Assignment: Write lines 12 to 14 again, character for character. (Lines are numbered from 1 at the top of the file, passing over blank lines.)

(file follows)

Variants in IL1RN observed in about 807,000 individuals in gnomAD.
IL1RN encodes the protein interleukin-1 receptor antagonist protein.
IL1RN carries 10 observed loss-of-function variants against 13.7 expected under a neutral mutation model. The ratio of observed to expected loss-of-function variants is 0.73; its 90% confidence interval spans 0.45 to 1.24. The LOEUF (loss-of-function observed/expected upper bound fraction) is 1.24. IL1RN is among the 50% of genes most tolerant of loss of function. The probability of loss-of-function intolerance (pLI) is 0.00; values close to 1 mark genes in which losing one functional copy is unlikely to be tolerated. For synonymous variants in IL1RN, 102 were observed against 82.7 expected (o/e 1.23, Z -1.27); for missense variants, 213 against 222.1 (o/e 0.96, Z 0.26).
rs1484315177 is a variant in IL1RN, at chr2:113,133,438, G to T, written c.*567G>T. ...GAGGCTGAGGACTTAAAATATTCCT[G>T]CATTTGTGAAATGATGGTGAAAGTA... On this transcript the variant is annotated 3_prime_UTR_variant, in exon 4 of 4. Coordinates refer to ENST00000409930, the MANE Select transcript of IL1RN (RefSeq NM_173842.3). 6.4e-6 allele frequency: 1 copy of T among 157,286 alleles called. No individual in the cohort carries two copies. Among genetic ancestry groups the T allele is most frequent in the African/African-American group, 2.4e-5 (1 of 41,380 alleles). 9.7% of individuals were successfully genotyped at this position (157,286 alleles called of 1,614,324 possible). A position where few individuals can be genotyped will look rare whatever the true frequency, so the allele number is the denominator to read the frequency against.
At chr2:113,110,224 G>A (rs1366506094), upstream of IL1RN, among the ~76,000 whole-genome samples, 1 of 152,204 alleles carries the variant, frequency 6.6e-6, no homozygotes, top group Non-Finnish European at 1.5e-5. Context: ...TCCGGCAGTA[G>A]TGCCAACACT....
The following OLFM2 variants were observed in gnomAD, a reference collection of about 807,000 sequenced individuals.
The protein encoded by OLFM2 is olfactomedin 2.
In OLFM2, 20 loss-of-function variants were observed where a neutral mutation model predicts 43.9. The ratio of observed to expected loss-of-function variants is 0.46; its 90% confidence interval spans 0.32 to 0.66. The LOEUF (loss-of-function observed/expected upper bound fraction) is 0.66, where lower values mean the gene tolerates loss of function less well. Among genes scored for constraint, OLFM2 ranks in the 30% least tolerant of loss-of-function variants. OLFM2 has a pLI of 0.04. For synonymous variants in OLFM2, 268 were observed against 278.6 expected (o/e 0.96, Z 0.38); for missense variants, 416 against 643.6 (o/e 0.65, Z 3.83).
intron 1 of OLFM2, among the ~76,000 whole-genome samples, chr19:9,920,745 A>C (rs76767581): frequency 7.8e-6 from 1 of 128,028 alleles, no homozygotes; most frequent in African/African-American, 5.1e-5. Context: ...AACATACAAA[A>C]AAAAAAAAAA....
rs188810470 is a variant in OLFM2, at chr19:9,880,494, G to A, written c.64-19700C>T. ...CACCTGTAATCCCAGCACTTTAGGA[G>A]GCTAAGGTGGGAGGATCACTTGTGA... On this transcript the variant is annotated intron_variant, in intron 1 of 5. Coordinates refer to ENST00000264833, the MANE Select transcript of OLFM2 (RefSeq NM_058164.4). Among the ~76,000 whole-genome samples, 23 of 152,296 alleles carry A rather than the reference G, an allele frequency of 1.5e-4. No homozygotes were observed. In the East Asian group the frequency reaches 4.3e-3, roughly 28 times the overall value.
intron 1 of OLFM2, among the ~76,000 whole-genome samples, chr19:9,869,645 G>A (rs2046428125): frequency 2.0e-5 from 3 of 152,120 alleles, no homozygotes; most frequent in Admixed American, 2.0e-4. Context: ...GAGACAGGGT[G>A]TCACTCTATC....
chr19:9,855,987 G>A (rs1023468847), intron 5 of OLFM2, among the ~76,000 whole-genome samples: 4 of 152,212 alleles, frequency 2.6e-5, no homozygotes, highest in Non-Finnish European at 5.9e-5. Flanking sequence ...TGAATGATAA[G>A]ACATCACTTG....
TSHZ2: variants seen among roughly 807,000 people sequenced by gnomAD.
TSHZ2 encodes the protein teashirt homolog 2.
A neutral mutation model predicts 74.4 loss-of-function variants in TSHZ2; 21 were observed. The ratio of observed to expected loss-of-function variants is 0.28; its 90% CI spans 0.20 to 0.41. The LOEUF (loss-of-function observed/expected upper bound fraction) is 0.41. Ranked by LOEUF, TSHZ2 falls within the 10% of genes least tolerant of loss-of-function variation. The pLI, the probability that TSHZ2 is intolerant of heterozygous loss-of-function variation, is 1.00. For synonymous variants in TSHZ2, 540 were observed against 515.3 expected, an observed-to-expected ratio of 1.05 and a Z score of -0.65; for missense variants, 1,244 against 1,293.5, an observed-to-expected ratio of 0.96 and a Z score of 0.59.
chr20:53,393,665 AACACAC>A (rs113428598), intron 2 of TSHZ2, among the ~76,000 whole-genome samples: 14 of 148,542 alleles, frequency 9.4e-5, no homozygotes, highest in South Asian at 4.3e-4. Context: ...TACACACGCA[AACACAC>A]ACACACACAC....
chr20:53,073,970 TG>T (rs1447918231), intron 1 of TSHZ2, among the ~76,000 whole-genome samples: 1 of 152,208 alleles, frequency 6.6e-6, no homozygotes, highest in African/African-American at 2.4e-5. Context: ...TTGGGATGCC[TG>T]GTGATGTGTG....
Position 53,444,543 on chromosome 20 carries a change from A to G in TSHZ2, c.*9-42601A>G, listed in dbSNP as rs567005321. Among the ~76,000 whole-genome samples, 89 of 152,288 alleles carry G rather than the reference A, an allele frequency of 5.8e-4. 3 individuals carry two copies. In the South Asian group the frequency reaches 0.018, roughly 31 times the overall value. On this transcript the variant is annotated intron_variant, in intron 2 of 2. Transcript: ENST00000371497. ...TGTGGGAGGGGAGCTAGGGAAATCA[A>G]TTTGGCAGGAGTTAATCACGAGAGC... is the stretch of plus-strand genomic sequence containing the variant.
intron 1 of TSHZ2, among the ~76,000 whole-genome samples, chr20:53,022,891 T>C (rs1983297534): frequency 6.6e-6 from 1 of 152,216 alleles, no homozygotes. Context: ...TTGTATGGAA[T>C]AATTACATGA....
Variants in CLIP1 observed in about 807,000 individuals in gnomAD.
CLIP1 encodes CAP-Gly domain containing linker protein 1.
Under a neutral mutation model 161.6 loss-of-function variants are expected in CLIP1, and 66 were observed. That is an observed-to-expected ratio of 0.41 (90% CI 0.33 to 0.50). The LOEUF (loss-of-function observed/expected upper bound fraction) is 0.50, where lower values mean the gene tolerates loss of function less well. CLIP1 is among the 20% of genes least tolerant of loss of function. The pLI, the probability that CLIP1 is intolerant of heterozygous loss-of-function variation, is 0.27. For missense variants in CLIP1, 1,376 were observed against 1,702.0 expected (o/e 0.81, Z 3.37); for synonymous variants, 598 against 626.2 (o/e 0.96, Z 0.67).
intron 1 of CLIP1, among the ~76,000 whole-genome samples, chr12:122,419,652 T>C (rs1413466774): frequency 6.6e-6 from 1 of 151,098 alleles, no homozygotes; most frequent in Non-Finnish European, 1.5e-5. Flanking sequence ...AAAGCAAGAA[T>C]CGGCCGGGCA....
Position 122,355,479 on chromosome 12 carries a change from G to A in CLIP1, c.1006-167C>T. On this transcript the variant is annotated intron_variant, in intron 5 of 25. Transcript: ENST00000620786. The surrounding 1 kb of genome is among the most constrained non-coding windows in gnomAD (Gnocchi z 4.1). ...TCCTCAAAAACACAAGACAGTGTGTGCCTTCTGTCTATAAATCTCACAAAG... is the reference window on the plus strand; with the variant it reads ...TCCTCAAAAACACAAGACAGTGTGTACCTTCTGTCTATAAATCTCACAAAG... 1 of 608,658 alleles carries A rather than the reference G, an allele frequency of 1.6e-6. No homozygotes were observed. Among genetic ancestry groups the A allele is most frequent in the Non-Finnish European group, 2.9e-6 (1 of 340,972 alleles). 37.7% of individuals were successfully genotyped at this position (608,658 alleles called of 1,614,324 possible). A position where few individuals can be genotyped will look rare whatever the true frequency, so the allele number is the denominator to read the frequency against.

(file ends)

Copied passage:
chr19:9,855,987 G>A (rs1023468847), intron 5 of OLFM2, among the ~76,000 whole-genome samples: 4 of 152,212 alleles, frequency 2.6e-5, no homozygotes, highest in Non-Finnish European at 5.9e-5. Flanking sequence ...TGAATGATAA[G>A]ACATCACTTG....
TSHZ2: variants seen among roughly 807,000 people sequenced by gnomAD.
TSHZ2 encodes the protein teashirt homolog 2.